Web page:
The captopril test is a screening test to identify patients with renovascular hypertension versus those with essential hypertension. It exploits the hyper-responsive renin secretion in patients with renovascular hypertension. Captopril is an angiotensive converting enzyme (ACE) inhibitor; its administration results in an exaggerated increase in plasma renin levels in renovascular hypertension. Positive tests may be used to justify invasive procedures such as digital subtraction renal arteriography or renal vein renin level measurements.


Patient preparation prior to day of testing:

(1) The patient should have a normal salt intake.

(2) All diuretics should be stopped.

(3) Antihypertensive medications stopped, if possible, for 3 weeks prior to testing.


Patient preparation on day of testing:

(1) The patient should be seated for at least 30 minutes prior to testing.


Drug Dosage: Captopril, 50 mg diluted in 10 mL water immediately prior to testing, for po administration.


Testing Protocol and Specimen Collection:

(1) After the patient has been seated sufficiently long, blood pressure readings are taken at 5 minute intervals and averaged.

(2) A baseline blood sample is collected for plasma renin activity.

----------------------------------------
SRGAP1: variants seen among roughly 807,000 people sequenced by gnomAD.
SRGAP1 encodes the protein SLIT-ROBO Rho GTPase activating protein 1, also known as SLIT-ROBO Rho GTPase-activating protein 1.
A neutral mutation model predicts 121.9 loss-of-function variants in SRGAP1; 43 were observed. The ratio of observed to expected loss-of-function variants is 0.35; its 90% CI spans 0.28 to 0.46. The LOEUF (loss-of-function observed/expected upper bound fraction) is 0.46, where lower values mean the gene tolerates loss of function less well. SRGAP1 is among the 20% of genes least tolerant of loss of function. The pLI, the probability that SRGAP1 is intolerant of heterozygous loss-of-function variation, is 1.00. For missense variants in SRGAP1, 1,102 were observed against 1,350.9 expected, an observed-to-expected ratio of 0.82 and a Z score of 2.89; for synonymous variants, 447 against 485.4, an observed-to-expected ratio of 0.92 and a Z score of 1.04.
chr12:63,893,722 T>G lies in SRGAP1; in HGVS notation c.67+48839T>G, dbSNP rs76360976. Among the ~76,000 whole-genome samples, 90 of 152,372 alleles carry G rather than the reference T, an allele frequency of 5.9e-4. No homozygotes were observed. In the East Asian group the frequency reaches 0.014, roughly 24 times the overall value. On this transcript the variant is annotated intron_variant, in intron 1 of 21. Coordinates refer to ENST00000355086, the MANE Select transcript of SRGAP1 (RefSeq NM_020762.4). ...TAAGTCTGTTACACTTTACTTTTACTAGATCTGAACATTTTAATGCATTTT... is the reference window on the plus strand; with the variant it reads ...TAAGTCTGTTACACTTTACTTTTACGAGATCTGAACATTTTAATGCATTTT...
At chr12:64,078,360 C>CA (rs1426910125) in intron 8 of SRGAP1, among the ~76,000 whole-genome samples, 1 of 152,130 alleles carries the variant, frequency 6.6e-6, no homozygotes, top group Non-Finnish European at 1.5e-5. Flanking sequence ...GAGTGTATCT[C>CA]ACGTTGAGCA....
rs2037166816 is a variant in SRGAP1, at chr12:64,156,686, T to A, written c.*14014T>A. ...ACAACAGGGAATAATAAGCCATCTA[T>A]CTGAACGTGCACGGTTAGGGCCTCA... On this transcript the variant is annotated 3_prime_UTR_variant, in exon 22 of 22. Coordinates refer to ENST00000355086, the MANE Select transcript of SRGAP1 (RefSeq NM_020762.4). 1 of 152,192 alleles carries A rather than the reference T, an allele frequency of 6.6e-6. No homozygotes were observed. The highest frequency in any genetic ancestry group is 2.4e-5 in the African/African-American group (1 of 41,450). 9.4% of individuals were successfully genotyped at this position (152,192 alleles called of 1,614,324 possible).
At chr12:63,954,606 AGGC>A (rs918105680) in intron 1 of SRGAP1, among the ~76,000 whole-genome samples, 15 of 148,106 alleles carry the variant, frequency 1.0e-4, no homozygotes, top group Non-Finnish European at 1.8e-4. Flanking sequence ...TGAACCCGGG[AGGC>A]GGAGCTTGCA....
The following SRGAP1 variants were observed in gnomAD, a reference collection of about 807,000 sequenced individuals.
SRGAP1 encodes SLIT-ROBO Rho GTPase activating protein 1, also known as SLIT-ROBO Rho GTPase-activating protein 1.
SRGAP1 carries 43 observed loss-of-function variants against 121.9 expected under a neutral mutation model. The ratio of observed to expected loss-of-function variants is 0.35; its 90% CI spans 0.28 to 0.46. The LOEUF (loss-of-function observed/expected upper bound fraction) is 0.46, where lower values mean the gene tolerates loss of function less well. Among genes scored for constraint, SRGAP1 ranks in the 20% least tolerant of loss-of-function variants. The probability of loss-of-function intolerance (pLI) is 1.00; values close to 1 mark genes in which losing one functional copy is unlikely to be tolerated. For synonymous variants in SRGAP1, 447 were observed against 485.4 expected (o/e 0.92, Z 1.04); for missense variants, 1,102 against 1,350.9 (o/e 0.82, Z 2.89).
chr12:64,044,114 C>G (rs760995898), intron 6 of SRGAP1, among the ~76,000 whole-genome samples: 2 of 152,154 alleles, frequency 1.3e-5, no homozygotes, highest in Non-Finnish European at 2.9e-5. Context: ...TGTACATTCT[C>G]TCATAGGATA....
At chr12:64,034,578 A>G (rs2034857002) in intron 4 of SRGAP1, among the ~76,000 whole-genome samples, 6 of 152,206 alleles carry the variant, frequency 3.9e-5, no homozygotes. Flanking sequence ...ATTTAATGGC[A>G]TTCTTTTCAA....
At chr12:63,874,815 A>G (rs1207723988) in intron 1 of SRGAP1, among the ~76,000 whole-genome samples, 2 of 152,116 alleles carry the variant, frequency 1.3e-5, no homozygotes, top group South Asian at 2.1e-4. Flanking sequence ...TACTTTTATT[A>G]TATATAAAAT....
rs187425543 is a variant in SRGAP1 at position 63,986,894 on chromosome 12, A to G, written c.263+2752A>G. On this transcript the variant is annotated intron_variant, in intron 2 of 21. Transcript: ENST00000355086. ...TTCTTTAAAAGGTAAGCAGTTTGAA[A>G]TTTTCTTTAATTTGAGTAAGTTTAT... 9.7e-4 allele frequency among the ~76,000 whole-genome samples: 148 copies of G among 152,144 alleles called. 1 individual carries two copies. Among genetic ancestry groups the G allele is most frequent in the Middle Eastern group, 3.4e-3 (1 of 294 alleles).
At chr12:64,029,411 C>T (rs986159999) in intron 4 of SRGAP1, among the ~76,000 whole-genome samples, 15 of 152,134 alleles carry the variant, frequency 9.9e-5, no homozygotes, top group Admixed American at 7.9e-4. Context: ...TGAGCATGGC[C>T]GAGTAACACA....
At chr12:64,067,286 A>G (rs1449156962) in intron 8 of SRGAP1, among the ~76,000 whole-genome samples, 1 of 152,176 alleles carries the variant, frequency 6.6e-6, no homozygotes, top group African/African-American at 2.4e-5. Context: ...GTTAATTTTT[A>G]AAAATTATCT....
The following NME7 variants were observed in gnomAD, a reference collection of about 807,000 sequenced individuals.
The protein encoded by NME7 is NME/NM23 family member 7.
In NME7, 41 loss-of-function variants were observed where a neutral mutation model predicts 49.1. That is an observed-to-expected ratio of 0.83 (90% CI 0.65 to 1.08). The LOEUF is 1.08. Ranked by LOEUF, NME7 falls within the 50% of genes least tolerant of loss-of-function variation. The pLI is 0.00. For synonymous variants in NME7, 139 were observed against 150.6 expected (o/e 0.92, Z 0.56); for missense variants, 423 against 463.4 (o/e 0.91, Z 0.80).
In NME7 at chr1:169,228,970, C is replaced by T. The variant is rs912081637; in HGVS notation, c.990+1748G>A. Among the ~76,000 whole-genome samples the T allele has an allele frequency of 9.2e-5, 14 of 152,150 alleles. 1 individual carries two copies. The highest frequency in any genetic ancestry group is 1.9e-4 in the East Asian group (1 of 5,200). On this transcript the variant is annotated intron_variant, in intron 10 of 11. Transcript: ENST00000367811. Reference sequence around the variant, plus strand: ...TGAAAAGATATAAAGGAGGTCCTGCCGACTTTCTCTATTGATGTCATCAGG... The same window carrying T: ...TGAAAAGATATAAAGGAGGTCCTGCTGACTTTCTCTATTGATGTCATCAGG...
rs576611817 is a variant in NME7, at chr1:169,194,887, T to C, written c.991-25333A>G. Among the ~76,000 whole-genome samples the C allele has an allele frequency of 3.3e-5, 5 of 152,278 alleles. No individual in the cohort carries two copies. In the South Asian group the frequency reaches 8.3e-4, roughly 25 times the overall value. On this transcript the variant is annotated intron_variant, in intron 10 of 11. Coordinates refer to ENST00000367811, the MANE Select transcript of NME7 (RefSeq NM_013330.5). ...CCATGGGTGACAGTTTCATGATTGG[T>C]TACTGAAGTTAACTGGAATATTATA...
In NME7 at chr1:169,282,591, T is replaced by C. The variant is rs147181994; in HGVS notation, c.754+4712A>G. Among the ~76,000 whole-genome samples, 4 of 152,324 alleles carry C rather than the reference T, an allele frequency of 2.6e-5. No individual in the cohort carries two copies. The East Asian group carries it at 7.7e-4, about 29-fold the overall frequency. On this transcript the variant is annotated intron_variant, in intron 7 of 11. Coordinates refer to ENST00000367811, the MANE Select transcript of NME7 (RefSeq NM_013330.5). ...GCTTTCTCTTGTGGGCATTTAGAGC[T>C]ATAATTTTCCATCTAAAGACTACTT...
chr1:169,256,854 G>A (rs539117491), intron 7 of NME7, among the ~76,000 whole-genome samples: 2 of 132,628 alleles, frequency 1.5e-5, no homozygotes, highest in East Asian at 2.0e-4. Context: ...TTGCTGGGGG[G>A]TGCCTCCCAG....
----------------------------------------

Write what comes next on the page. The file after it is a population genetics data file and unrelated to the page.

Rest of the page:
(3) The dose of captopril is administered orally.

(4) The patient's blood pressure is measured at 15, 30, 40, 45, 50, 55 and 60 minutes after the dose has been administered.

(5) At 60 minutes after the drug was given, a second ("stimulated") blood sample is collected.




A positive captopril test must have all 3 of the following:

(1) a stimulated (1-hour post dosage) plasma renin level >= 12 ng AI/mL/hour;

(2) an increase in plasma renin level >= 10 ng AI/mL/hour;

(3) one of the following:

(3a) if the baseline plasma renin level is >= 3 ng AI/mL/hour, then the increase in plasma renin activity (1-hour post renin level minus baseline level) must be > 150%;

(3b) if the baseline level is < 3 ng AI/mL/hour, then the increase must be > 400%


Patients with a positive captopril test are likely to have renovascular hypertension, rather than essential hypertension.



• Renal insufficiency can significantly reduce the sensitivity and specificity of the test:

(1) patients with renovascular hypertension may have negative tests

(2) patients with secondary hypertension may have positive test results


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